Her fifth birthday party had been at a park. The most strikingly vivid picture from that party was of Nina, Laura, and her dad walking across the field. She was holding both their hands and they had been swinging her. Her mother had taken the picture from behind the trio, and you could just make out the crinkles of smiles as Laura’s dad and Nina looked at each other.

Laura had two posed pictures from her sixth birthday as dissimilar as a wedding from a funeral. In one Laura attempted a feeble smile as Nina and her dad mimicked the pose from her second birthday. The background was filled with the bright colors of the streamers, balloons, and several of her friends. The other picture was Laura’s favorite. She and her mom faced each other over a cupcake with one candle in it. The background was dark, but Laura’s smile had never been bigger. Laura and her mom had blown the candle out together and made a wish for a year filled with exciting adventures.

Here she was again, learning something new about the world. Laura counted the seconds as she held the developing Polaroid in her hand. She knew she shouldn’t want to watch this one. Seeing it in real life had been painful enough, and here she was feeling her heart break for the second time in thirty seconds.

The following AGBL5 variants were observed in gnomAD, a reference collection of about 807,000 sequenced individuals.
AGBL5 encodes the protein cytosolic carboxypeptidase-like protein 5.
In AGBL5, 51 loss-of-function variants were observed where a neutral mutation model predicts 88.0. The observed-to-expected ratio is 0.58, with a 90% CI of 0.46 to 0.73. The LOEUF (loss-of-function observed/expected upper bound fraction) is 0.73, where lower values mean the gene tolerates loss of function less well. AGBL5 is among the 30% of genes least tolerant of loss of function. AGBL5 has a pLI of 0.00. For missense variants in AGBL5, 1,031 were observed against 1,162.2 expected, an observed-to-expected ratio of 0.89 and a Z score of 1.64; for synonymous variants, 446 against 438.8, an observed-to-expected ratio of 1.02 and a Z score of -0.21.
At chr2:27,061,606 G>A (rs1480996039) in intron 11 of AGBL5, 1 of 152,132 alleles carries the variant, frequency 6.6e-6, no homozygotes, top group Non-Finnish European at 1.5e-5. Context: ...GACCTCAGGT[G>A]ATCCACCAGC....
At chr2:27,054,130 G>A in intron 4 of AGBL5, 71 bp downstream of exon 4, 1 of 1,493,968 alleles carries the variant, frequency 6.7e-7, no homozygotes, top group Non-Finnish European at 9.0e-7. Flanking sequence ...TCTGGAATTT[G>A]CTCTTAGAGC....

Sara’s blonde hair appeared first, followed by her light blue tank top and the vague outline of her arms and hands. The outline of Beaner’s back-porch filled in behind her at the same time Sara’s jeans revealed she was sitting in someone’s lap. Beaner’s perfect face filled in more slowly than Sara’s because he was much more tan after spending hours on the boat with his older brother. But their lips developed at the same time, as if taunting Laura, “We’re kissing. And thanks to your picture, it’ll last forever.”

Laura knew that pictures didn’t keep people together, let alone actually last forever, but she had a hard time convincing herself this was true about Sara and Beaner. Laura felt the soupy summer air clinging to her skin. The thirty seconds had passed. This time watching the figures and faces take shape revealed betrayal and cruelty.

The final stage of the chemical reaction brought the simple colors of the picture to their brightest and Laura felt that by comparison she had turned into a ghost. As she looked down at her clothes and her own hands, it was like she was watching her color bleed into the picture. It seemed with the loss of her best friend to the arms of her first love Laura would be reinventing herself in high school after all.